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About Eric Liddell

Eric Liddell Smiling at the Paris Olympics

Eric Liddell

We are delighted that our charity is named after an inspiring sporting legend, committed missionary and a devoted husband and father, Eric Liddell. The Eric Liddell 100 will celebrate the Flying Scotsman’s outstanding Olympic Success and his legacy.

Message from
Patricia Liddell Russell

I’m Patricia Liddell-Russell, Eric Liddell’s eldest daughter. My sisters and I are great supporters of the work of The Eric Liddell Community. It’s a fantastic place doing amazing work for the people of Edinburgh in Scotland. I have noticed that the pages about my Dad on this website get far more hits than any other pages. Clearly you’re interested in Dad but also appreciate the work the ELC is doing in Dad’s name. Can you please help me support them by giving an online donation to assist their work?

Click here to donate and help The Eric Liddell Community move closer to their vision to live in a community where no one feels lonely or isolate. Any amount you choose to give will automatically get converted into your own currency on your card’s statement.

God bless,

Eric Liddell

(16 January 1902 – 21 February 1945)

Eric was well known for his abilities as a sporting champion and was capped for the Scotland international rugby team seven times. He is one of a rare few who has had his cap reissued and was inducted into the Scottish Rugby Hall of Fame in January 2022, on the centenary of his first international cap. You can read the story here:

In 2002, when the first inductees were inducted into the Scottish Sports Hall of Fame, Eric topped the public vote for the most popular sporting hero Scotland had ever produced.

The champion sportsman is probably even better known for his gold medal win in the 400 metres at the 1924 Olympic Games in Paris.

He has been immortalised in the film “Chariots of Fire” and celebrated in Scottish author and broadcaster Sally Magnusson’s book ‘The Flying Scotsman’ and a number of other books have been written about his life.

The Eric Liddell Community (formerly the Eric Liddell Centre) is honoured to have carried his name since its instigation. It is housed in the former North Morningside Church , one of the four churches situated at the intersection between Colinton Road and Morningside Road in Edinburgh – which gave the name ‘Holy Corner’ used by Edinburgh residents.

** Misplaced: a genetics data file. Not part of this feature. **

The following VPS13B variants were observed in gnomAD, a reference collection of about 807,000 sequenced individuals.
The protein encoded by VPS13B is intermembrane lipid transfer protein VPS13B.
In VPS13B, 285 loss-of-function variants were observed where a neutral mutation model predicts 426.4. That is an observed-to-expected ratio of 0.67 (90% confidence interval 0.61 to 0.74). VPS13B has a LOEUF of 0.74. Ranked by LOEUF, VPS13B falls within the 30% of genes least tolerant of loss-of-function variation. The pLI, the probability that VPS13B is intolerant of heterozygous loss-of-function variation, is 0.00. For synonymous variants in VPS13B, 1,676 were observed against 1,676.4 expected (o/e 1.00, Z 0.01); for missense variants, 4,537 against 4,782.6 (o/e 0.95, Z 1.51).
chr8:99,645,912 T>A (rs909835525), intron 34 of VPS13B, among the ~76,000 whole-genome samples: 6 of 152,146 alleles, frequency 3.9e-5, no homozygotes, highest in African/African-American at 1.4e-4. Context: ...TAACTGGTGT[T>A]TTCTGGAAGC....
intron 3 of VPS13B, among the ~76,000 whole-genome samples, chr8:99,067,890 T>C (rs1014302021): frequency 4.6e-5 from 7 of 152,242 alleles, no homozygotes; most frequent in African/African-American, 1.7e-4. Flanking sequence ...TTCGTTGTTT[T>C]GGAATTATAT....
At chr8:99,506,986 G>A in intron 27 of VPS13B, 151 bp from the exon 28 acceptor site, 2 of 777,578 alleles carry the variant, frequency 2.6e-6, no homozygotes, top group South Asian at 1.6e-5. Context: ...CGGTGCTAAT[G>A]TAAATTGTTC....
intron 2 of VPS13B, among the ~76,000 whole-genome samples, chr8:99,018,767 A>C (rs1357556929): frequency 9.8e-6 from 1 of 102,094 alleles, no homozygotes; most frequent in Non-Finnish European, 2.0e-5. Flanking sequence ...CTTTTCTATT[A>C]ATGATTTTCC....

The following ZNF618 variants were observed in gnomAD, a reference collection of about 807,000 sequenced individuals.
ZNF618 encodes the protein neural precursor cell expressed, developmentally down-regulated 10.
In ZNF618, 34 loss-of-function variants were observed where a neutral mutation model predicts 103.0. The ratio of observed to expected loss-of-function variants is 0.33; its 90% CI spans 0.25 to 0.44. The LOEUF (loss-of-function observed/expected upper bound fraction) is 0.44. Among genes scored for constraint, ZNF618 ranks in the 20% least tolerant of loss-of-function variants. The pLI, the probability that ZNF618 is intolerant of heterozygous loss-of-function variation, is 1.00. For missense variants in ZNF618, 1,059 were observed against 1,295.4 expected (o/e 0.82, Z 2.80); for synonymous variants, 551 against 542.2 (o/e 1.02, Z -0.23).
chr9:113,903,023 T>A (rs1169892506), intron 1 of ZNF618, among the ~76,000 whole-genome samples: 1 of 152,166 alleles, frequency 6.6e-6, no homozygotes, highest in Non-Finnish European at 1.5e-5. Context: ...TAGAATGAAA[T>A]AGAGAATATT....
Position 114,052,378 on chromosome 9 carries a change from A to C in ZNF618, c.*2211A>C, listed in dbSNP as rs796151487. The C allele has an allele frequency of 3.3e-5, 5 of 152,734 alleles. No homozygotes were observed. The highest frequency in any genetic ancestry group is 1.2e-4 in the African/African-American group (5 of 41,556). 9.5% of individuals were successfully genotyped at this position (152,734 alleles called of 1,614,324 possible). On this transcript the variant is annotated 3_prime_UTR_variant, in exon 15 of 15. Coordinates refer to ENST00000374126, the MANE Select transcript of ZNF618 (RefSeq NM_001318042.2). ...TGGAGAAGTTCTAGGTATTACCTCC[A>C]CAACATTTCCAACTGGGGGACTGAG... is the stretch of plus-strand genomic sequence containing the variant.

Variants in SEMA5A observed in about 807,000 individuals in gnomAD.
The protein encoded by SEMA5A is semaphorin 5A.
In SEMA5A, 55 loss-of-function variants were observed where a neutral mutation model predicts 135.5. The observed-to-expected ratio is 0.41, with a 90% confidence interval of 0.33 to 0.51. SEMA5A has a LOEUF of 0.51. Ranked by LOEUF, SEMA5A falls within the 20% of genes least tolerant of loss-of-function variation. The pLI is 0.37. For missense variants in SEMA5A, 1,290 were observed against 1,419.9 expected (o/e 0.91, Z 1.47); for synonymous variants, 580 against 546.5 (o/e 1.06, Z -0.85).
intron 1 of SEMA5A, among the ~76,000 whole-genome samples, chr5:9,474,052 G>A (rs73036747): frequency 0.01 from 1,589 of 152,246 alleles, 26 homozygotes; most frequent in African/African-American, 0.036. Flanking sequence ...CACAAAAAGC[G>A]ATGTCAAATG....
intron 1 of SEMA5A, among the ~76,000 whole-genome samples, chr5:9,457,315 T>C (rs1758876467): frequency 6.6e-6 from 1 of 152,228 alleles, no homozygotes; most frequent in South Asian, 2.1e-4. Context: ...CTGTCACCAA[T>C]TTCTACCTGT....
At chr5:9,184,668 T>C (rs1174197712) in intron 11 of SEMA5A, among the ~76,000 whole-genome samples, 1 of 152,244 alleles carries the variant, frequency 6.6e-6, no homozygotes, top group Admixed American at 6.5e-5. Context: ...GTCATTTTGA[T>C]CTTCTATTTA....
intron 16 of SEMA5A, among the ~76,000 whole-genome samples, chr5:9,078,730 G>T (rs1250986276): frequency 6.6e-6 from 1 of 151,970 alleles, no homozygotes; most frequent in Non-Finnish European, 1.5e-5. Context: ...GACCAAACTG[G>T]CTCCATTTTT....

Eric lived for a short time in Gillespie Crescent before moving to a house in Merchiston Place both addresses in Edinburgh are close to the former church where the The Eric Liddell Community is now based.

Eric is remembered in many ways to different people – as a sportsman, a husband and father, a devout soul who lived his life according to his beliefs, a graduate of Edinburgh University and a missionary in China who refused to leave those he looked after during the Second World War. If he had lived longer than his forty-three years, who knows what more he could have done.

The Eric Liddell Community reflects Eric’s code of ethics, to help and support those who need it and the people who look after them in a spirit of community, inclusivity, diversity and generosity. His legacy is strong and we embrace the close ties with Eric’s three daughters Patricia, Heather and Maureen who live in Canada and his niece Sue who lives in Edinburgh and is a patron of the Community

Other patrons include Sir David Puttnam CBE, HonFRSA, HonFRPS, MRIA producer of ‘Chariots of Fire’ see link here:  educator, environmentalist and former member of the House of Lords and Alexander “Sandy” McCall Smith, CBE, FRSE, renowned British writer, raised in Southern Rhodesia and formerly Professor of Medical Law at the University of Edinburgh.

Sally Magnusson has strong links with the Community as the author of “The Flying Scotsman” and her book “Where Memories Go: How Dementia Changes Everything” about her mother which resonates with The Eric Liddell Community where much of its work is supporting people living with dementia and the people who care for them. Following her experience with her mother, Sally set up the charity Playlist for Life and you can read about it here

It is in celebration of Eric’s centenary win of his gold medal at the Paris Olympics in 1924 that The Eric Liddell Community has recently launched The Eric Liddell 100, which will include a series of developments that will commemorate Eric’s life and how he lived it.

Who was Eric Liddell?





1903 Eric and Father
Edinburgh 1980 Filming Chariots of Fire, Sue Caton, Ian Charleson, Jenny, Joan and Roseme.
1924 – Eric Liddell in his gold medal winning 400m final at the Paris Olympics
1918 – Eric Liddell as captain of the rugby 1st XV at Eltham College
1934 – Eric Liddell marries Florence Mackenzie.

Recollections of Eric Liddell
by Sir Arthur Marshall